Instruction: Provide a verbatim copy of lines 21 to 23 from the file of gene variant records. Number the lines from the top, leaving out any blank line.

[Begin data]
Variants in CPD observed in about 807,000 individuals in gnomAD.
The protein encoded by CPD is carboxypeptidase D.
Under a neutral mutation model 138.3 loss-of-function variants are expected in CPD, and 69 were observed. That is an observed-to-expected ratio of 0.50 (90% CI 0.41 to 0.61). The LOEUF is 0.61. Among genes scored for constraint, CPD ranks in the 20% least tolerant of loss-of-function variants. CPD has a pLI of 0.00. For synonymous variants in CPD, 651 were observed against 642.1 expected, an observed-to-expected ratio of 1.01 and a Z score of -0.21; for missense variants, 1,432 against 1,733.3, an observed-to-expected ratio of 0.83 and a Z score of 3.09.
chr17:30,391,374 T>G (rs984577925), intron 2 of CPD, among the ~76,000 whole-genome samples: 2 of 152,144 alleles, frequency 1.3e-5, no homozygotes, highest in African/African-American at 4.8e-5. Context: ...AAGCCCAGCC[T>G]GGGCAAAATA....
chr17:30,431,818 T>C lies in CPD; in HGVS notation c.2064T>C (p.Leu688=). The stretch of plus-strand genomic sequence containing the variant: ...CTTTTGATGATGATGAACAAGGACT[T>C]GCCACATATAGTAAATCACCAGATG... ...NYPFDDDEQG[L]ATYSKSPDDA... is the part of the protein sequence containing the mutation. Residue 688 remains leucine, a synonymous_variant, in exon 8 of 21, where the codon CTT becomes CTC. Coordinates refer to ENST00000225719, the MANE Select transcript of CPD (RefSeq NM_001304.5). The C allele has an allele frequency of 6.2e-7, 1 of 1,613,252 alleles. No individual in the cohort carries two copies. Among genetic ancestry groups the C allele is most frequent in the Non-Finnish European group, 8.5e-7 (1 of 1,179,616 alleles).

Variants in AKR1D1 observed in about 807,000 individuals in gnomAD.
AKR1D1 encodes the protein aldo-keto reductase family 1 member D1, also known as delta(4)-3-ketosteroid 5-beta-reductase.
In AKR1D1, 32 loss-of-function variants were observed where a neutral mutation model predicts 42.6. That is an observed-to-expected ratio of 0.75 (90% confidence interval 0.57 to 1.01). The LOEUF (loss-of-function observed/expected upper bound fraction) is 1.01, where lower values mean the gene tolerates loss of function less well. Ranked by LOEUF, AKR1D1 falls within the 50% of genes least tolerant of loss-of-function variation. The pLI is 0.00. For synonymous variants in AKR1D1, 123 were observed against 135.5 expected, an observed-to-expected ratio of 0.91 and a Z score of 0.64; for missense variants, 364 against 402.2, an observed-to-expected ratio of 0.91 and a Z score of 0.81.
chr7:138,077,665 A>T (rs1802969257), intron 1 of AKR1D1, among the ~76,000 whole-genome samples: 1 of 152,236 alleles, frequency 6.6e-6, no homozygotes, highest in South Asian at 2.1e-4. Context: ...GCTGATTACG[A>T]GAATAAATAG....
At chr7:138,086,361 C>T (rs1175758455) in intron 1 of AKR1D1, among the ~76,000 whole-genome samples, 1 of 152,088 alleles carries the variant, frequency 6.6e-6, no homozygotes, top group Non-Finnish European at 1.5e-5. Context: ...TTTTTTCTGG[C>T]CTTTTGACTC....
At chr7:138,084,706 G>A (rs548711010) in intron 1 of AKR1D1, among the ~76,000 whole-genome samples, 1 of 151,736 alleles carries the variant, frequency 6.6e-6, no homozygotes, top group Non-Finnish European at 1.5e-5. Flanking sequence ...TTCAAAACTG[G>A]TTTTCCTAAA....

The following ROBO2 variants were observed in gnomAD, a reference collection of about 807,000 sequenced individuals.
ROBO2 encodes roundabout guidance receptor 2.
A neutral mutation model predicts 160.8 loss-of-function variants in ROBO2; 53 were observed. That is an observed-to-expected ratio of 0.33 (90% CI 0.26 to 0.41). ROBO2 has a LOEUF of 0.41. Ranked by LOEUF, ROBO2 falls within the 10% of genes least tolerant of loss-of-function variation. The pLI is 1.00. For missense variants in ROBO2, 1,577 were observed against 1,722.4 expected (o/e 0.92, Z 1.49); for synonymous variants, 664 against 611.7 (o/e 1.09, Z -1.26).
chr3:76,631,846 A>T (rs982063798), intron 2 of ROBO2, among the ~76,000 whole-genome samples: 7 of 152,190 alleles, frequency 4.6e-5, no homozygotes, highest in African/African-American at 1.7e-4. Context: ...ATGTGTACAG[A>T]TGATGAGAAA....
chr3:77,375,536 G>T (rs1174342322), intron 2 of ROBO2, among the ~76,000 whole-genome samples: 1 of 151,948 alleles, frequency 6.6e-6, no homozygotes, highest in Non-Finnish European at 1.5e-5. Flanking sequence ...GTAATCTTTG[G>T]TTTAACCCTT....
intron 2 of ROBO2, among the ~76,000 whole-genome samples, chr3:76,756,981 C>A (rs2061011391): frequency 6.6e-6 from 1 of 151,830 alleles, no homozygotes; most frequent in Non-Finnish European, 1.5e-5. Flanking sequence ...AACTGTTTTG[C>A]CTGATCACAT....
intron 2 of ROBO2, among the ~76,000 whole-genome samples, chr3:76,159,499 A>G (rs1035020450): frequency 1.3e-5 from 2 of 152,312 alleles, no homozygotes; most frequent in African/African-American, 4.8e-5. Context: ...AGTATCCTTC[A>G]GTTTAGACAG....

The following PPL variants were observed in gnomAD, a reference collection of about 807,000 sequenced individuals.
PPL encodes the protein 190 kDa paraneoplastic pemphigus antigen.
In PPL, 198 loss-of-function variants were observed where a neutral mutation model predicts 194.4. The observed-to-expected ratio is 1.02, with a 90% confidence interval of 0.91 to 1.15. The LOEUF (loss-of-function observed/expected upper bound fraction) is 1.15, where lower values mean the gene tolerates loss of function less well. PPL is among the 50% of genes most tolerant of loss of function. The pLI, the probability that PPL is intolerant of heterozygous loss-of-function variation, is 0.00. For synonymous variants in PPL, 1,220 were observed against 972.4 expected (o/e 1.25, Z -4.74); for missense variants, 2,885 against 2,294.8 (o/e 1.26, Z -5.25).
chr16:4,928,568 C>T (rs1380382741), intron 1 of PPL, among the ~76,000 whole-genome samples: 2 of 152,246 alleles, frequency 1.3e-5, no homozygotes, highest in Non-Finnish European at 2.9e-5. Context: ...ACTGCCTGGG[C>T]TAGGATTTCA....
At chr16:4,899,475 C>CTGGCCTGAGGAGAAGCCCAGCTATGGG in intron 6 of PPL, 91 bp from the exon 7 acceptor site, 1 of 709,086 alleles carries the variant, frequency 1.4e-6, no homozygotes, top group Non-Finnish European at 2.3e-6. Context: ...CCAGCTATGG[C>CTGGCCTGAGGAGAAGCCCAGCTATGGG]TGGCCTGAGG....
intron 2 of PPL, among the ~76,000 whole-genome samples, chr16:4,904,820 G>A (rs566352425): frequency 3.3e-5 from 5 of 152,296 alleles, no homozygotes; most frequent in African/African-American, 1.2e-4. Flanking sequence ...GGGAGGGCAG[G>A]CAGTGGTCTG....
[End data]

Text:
In PPL, 198 loss-of-function variants were observed where a neutral mutation model predicts 194.4. The observed-to-expected ratio is 1.02, with a 90% confidence interval of 0.91 to 1.15. The LOEUF (loss-of-function observed/expected upper bound fraction) is 1.15, where lower values mean the gene tolerates loss of function less well. PPL is among the 50% of genes most tolerant of loss of function. The pLI, the probability that PPL is intolerant of heterozygous loss-of-function variation, is 0.00. For synonymous variants in PPL, 1,220 were observed against 972.4 expected (o/e 1.25, Z -4.74); for missense variants, 2,885 against 2,294.8 (o/e 1.26, Z -5.25).
chr16:4,928,568 C>T (rs1380382741), intron 1 of PPL, among the ~76,000 whole-genome samples: 2 of 152,246 alleles, frequency 1.3e-5, no homozygotes, highest in Non-Finnish European at 2.9e-5. Context: ...ACTGCCTGGG[C>T]TAGGATTTCA....
At chr16:4,899,475 C>CTGGCCTGAGGAGAAGCCCAGCTATGGG in intron 6 of PPL, 91 bp from the exon 7 acceptor site, 1 of 709,086 alleles carries the variant, frequency 1.4e-6, no homozygotes, top group Non-Finnish European at 2.3e-6. Context: ...CCAGCTATGG[C>CTGGCCTGAGGAGAAGCCCAGCTATGGG]TGGCCTGAGG....